Govt intervention on Gales fight welcomed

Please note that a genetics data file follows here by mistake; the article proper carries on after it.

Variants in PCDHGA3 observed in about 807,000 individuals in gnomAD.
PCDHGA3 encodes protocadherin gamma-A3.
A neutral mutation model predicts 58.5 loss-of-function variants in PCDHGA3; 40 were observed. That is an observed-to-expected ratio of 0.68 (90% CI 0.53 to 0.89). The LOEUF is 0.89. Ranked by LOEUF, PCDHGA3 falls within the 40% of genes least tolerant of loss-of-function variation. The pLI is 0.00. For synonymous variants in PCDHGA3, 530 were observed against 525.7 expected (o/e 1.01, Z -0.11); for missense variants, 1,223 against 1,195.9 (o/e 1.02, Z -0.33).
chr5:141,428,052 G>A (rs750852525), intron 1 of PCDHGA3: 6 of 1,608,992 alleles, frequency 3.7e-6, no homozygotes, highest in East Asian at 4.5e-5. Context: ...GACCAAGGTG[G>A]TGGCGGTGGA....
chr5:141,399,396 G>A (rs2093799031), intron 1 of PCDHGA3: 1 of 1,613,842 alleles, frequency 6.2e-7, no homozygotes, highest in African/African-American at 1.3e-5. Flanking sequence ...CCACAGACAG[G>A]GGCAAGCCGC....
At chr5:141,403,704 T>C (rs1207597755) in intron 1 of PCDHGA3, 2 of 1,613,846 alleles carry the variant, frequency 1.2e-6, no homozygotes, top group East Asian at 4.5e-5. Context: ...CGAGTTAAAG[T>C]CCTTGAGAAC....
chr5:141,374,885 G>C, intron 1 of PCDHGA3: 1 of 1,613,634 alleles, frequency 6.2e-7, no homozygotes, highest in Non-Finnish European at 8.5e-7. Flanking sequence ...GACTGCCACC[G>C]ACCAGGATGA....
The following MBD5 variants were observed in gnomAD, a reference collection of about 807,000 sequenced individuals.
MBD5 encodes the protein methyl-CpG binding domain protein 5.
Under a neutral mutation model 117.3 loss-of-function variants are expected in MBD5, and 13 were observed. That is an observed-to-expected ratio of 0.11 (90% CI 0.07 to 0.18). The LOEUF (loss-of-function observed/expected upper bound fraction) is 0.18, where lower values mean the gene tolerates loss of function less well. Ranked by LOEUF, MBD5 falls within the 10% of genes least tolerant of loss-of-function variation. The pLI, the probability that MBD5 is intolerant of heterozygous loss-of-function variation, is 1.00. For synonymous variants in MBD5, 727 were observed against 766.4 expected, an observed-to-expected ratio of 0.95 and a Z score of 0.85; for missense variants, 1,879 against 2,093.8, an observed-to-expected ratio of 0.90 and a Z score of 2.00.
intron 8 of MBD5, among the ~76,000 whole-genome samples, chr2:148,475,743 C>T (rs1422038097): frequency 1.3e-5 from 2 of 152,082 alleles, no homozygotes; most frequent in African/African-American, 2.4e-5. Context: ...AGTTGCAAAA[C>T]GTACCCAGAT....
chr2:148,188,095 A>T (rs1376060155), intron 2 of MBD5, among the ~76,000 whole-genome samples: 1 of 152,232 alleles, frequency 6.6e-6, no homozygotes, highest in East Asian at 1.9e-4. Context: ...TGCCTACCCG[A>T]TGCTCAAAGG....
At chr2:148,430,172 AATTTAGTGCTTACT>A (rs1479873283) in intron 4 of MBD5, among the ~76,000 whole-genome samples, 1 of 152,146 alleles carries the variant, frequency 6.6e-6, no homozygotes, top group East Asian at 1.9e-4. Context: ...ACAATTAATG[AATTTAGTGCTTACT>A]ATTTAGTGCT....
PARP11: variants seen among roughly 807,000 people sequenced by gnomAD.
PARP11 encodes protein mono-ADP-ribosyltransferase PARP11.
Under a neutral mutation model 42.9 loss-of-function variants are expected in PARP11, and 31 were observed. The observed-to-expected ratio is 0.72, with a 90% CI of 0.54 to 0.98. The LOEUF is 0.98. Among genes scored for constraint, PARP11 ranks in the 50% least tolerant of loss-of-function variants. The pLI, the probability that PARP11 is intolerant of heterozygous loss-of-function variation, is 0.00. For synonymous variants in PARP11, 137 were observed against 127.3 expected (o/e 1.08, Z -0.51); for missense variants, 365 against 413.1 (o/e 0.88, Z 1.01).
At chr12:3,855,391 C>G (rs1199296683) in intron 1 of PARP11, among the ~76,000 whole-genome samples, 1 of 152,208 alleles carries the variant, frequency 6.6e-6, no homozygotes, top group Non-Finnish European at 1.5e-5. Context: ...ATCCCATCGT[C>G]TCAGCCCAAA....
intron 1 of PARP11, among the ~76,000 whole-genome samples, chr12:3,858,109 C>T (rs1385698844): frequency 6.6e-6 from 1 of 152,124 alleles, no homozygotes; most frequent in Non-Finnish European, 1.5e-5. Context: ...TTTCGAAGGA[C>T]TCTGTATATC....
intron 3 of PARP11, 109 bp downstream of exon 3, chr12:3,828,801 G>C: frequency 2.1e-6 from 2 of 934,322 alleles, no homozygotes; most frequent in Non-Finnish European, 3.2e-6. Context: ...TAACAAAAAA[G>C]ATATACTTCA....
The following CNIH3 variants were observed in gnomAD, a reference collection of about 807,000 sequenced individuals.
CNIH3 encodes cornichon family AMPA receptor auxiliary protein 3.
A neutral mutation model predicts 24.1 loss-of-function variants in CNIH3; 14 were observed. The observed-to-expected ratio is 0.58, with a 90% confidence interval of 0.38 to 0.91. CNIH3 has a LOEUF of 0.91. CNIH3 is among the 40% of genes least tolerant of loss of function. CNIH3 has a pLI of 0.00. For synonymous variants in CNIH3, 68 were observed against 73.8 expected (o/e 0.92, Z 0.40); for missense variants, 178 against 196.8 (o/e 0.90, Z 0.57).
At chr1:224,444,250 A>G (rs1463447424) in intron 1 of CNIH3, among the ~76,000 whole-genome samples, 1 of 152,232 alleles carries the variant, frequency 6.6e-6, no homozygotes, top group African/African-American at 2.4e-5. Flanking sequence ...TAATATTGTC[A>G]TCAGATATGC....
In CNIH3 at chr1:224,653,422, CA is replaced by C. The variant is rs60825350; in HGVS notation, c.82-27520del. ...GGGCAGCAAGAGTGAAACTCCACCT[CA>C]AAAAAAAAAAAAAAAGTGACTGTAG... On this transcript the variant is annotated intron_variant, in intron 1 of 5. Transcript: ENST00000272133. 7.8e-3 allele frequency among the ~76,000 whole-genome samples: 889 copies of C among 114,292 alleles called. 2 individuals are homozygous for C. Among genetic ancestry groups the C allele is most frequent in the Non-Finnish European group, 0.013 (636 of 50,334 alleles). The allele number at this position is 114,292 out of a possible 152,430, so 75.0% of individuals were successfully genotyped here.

KINGSCLIFF Residents and Ratepayers Association chief Peter Gladwin has welcomed the NSW government intervention to sort out the dispute over a proposed new regional shopping centre. Mr Gladwin said a "circuit breaker" was definitely needed in the legal stoush between Gales Holdings and Tweed Shire Council. He said many Tweed residents could now look forward to meaningful input into responsible long-term planning and environmental outcomes for Gales' 220-hectare site. Mr Gladwin supports a light industrial use for the land near Chinderah, in line with an earlier zoning and a Council retail strategy, rather than the major regional shopping centre sought by Gales. Mr Gladwin said the association preferred a smaller, new shopping centre for Kingscliff on the north side of Turnock Street, opposite the existing local centre, with major retail expansion confined to existing precincts at Tweed Heads and Murwillumbah, as set out in the retail strategy. "We need to look at job creation for the Tweed, and those sorts of opportunities arise with industrial uses for a site this large," he said. "Industrial doesn't have to mean heavy industry. "More work generated in the Tweed also means fewer people are driving outside the shire to get to work. That takes pressure off roads and reduces the carbon footprint." Gales principal Dr Stephen Segal said about 20 per cent of his site was already subject to the state government approvals process for a sand quarry to provide fill for proposed sports fields and botanical gardens. He also noted the state government had sacked Tweed Shire Council and appointed a departmental director general as administrator, but this had not stopped council misinformation about his project, so he remains anxious about the effectiveness of the ministerial intervention. "Our site is one of the most strategically important in NSW, in one of the fastest-growing areas in Australia," Dr Segal said. "There are major issues to resolve in relation to retail planning, hydrology and the ecology, even without the litigation, which makes it a nightmare. In one case alone, our%legal bills so far are $1 million, and that one hasn't gone to court yet"

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